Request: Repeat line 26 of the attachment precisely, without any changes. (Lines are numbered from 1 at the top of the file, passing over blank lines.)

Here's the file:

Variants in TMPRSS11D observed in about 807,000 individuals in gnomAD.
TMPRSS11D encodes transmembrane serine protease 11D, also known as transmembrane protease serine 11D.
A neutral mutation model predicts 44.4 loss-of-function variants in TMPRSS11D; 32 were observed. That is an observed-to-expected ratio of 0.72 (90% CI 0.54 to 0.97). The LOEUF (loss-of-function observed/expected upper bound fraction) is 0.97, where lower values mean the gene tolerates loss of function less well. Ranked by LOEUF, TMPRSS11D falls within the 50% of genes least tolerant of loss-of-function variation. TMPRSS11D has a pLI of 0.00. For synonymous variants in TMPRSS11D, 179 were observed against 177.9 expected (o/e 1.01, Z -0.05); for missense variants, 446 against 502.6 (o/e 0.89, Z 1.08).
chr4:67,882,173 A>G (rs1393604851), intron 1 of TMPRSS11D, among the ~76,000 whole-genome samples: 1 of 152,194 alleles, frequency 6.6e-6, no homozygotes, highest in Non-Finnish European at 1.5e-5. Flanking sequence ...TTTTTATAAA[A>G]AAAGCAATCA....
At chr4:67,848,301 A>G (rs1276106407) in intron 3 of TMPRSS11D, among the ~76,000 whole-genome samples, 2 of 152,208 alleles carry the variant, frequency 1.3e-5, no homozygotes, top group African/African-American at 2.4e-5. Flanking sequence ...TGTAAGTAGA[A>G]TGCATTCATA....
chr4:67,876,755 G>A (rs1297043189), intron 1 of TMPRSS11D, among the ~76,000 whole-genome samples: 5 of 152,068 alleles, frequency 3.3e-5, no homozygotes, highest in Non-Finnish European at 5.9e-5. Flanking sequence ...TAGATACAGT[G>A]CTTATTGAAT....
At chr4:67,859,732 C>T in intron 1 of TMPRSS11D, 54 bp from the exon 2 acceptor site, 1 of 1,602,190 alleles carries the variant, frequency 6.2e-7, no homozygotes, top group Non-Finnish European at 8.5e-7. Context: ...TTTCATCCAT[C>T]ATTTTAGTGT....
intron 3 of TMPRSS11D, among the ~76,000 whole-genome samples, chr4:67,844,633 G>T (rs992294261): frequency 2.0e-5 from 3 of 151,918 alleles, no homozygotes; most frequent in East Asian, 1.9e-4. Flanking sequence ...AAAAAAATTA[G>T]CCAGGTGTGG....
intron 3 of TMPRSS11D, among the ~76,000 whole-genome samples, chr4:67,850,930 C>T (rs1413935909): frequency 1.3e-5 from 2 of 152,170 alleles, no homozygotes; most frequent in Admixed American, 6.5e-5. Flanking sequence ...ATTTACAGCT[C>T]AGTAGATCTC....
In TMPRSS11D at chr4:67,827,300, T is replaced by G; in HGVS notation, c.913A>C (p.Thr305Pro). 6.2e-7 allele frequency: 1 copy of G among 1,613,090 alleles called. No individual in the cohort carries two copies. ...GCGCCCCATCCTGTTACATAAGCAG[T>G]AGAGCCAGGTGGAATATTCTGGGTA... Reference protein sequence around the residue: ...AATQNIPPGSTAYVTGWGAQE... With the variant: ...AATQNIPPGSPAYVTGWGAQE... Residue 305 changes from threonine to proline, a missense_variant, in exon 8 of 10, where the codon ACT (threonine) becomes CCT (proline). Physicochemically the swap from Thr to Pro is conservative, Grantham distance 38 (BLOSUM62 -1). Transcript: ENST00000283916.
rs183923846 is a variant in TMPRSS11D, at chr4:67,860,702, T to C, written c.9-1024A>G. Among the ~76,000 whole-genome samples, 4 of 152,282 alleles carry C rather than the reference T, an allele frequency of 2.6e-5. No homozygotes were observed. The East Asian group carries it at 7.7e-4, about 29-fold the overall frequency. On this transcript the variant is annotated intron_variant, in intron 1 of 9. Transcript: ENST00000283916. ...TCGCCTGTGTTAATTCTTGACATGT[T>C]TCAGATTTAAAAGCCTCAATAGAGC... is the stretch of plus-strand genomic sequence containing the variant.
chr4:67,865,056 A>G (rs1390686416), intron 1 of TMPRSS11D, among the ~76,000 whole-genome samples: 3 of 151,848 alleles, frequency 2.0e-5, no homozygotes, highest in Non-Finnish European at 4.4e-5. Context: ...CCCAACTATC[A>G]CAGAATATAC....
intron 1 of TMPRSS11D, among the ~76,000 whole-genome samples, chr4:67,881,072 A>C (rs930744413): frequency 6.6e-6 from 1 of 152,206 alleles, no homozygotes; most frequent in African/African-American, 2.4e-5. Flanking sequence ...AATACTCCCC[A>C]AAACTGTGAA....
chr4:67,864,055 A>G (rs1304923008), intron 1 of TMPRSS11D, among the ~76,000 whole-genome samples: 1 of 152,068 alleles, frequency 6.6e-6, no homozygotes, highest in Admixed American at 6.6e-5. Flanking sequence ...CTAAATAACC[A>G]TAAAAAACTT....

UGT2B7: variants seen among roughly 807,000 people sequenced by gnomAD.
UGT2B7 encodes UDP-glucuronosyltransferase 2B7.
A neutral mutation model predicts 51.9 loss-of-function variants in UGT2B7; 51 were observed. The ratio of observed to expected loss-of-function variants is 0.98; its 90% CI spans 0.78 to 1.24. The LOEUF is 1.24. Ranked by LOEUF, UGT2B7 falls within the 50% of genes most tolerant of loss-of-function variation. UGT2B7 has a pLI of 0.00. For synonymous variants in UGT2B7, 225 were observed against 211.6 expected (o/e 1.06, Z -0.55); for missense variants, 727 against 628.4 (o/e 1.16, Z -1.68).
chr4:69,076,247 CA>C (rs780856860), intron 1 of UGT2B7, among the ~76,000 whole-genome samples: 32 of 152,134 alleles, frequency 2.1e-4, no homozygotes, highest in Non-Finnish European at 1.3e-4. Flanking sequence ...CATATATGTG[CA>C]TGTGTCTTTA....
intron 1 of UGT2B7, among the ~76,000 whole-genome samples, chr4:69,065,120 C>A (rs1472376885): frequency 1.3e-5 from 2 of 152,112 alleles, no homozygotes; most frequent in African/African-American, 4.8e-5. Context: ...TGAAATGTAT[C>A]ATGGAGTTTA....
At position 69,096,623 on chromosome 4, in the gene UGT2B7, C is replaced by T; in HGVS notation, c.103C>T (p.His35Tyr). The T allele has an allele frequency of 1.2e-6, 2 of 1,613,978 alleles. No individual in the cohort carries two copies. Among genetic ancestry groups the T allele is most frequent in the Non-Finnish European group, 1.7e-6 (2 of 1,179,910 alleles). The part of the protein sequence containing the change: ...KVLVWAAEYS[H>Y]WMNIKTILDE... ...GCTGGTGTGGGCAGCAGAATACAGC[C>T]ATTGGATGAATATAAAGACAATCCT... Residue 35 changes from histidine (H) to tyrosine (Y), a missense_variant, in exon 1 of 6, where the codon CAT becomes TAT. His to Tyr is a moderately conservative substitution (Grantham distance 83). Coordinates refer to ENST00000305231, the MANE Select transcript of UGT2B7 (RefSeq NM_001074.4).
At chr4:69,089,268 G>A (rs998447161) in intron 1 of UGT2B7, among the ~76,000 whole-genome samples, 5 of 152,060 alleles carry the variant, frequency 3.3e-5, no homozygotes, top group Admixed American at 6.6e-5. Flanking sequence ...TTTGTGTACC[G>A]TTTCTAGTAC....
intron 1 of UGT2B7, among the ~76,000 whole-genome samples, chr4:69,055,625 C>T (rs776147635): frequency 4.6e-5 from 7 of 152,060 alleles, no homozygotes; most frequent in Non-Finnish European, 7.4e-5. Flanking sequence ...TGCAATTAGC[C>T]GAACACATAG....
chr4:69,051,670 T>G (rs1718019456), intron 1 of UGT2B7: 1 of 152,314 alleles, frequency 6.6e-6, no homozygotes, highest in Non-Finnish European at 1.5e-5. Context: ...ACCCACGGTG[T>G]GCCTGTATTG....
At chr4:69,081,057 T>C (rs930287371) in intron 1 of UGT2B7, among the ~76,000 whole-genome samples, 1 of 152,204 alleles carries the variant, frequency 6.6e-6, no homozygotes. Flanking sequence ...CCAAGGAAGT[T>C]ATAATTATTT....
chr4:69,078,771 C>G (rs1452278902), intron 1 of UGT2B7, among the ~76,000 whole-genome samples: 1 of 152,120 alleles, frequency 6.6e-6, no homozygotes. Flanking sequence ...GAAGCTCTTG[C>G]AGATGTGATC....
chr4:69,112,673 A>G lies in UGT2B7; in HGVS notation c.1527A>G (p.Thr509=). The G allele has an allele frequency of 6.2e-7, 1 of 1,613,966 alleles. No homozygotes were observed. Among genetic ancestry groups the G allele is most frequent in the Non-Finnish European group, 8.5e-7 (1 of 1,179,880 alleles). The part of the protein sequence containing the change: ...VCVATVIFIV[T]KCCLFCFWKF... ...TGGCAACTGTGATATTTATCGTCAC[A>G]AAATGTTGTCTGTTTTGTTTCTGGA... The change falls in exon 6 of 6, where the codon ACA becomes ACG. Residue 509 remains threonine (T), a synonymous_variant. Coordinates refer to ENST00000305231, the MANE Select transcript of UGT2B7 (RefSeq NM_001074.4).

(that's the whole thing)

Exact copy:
chr4:69,112,673 A>G lies in UGT2B7; in HGVS notation c.1527A>G (p.Thr509=). The G allele has an allele frequency of 6.2e-7, 1 of 1,613,966 alleles. No homozygotes were observed. Among genetic ancestry groups the G allele is most frequent in the Non-Finnish European group, 8.5e-7 (1 of 1,179,880 alleles). The part of the protein sequence containing the change: ...VCVATVIFIV[T]KCCLFCFWKF... ...TGGCAACTGTGATATTTATCGTCAC[A>G]AAATGTTGTCTGTTTTGTTTCTGGA... The change falls in exon 6 of 6, where the codon ACA becomes ACG. Residue 509 remains threonine (T), a synonymous_variant. Coordinates refer to ENST00000305231, the MANE Select transcript of UGT2B7 (RefSeq NM_001074.4).